It even knows what I was doing at half past three on Wednesday afternoon, December 28th 1978. I can no longer consciously recall this moment of course – it is lost to my every day awareness but well documented cases of spontaneous and total recall suggest the memory of this moment still exists, somewhere, and if, during that moment, I was experiencing an emotional upset that was never healed, my unconscious will offer it back. And it will keep offering it back, until I deal with it.

It does this through the dreaming process, using a symbolic language in which the objects, the people, the situations we encounter in the dream world are emotionally charged in ways reflective of our life experience, including the things we’d rather not acknowledge. And the dream is saying, here, look, take this back this and then we can move on. But if we have fallen foul of a culture that devalues the dreaming process, if we never take notice of our dreams, the process of “dealing with it” can be a problem. And stuff mounts up. Some of us incubate hidden, forgotten traumas, combine them, allow them to breed, then hatch them into inexplicable and stupendously debilitating neuroses. At such times as these it seems our unconscious is overrun with demons out to do us harm. We might feel that to go poking around in there is the very last thing we should be doing, but paying attention to our dreams helps defuse things. It puts the unconscious mind in a better mood for dealing with us, if it realises we are receptive.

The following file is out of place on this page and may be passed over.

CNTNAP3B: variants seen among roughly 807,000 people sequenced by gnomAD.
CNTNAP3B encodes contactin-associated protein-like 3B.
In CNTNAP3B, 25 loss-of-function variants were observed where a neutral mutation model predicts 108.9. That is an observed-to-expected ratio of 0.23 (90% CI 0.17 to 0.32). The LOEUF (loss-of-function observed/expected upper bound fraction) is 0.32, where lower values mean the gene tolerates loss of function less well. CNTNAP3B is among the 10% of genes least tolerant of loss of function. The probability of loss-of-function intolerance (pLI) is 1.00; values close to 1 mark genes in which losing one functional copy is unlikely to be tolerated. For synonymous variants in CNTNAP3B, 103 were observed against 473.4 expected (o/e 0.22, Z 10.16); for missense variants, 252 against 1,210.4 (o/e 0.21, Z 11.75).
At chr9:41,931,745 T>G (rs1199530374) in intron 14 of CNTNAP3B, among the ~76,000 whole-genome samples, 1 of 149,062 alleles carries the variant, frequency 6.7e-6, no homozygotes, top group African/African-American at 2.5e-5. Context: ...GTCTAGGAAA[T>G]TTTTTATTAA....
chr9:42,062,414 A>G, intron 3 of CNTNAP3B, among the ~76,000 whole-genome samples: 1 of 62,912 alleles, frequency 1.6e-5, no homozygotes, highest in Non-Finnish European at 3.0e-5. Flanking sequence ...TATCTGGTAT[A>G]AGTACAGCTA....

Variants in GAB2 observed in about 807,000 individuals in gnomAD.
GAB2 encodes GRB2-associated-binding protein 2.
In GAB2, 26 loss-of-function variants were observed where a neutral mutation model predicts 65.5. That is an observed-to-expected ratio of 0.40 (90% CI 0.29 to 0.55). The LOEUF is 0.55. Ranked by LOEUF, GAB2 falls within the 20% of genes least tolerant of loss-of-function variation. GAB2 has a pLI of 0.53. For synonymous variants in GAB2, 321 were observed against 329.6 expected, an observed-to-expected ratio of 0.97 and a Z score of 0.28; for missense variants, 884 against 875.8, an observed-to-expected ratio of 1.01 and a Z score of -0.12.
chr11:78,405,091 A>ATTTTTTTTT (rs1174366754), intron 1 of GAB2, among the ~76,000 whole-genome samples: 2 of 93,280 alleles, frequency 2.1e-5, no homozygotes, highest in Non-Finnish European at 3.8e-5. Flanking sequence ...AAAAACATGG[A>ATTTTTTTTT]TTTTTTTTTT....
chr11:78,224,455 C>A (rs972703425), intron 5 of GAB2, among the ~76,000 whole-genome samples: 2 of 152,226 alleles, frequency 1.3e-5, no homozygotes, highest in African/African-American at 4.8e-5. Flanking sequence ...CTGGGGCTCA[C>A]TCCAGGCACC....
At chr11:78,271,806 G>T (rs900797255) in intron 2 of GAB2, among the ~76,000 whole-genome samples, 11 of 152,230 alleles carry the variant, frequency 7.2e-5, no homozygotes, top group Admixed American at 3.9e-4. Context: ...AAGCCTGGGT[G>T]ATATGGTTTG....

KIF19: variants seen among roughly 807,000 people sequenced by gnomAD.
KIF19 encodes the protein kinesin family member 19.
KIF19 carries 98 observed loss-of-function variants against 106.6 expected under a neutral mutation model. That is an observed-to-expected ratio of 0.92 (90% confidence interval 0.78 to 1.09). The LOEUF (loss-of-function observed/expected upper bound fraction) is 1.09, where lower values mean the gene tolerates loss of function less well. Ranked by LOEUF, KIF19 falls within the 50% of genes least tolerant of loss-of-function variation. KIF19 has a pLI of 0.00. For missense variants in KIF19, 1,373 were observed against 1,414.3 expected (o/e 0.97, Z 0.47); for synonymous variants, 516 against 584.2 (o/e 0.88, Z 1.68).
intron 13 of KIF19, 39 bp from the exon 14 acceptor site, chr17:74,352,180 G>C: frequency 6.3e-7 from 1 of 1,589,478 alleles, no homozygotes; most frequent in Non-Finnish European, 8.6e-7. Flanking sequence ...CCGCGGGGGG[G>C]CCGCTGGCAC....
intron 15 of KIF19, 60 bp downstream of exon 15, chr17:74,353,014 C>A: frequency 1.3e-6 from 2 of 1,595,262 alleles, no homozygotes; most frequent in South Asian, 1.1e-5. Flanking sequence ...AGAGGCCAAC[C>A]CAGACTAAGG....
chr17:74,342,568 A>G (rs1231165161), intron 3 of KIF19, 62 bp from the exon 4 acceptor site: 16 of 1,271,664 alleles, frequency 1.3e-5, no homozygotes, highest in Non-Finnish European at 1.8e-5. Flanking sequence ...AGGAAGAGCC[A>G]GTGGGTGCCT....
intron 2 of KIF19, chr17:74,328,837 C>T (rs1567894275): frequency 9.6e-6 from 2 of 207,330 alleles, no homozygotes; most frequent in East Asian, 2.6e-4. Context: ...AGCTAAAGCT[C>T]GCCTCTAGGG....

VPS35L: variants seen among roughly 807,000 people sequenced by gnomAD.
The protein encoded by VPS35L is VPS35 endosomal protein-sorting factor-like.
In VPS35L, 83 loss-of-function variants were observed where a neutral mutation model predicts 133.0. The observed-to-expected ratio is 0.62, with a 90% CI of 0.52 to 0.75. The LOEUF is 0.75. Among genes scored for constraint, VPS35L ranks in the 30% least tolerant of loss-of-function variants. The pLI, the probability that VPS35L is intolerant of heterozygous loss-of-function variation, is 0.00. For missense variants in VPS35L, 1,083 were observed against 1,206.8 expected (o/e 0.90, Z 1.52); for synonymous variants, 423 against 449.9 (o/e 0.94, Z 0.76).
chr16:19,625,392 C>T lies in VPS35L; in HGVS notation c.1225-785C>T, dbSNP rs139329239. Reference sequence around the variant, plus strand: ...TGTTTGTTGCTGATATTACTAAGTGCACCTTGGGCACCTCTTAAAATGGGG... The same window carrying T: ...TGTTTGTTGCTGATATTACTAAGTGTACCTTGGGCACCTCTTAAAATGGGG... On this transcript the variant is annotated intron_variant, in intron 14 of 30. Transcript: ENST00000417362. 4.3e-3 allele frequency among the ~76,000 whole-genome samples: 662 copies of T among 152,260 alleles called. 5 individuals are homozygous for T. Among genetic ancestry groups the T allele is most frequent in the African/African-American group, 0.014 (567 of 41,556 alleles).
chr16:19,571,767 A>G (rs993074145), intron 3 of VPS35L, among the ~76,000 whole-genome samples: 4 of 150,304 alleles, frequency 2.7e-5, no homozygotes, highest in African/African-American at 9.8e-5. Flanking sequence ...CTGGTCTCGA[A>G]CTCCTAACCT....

We all dream, every night, though some people dispute this, claiming never to have dreamed at all. But the thing with dreams is they play out in a part of the mind that bypasses the way we normally acquire memory. If we want to remember our dreams we have to make a conscious effort to do so. We have to remind ourselves, when we lay down to sleep, we would like to remember our dreams. Then, on waking, in the first seconds of awareness, we have a fleeting opportunity to drink the dream down whole, sufficient at least to recall it well enough to record it later on. But even then we must make haste, or the memory will fade to nothing like an imperfectly processed photograph. Reading my dream journal now, accounts of many dreams I had years ago are like reading the fantasies of a complete stranger.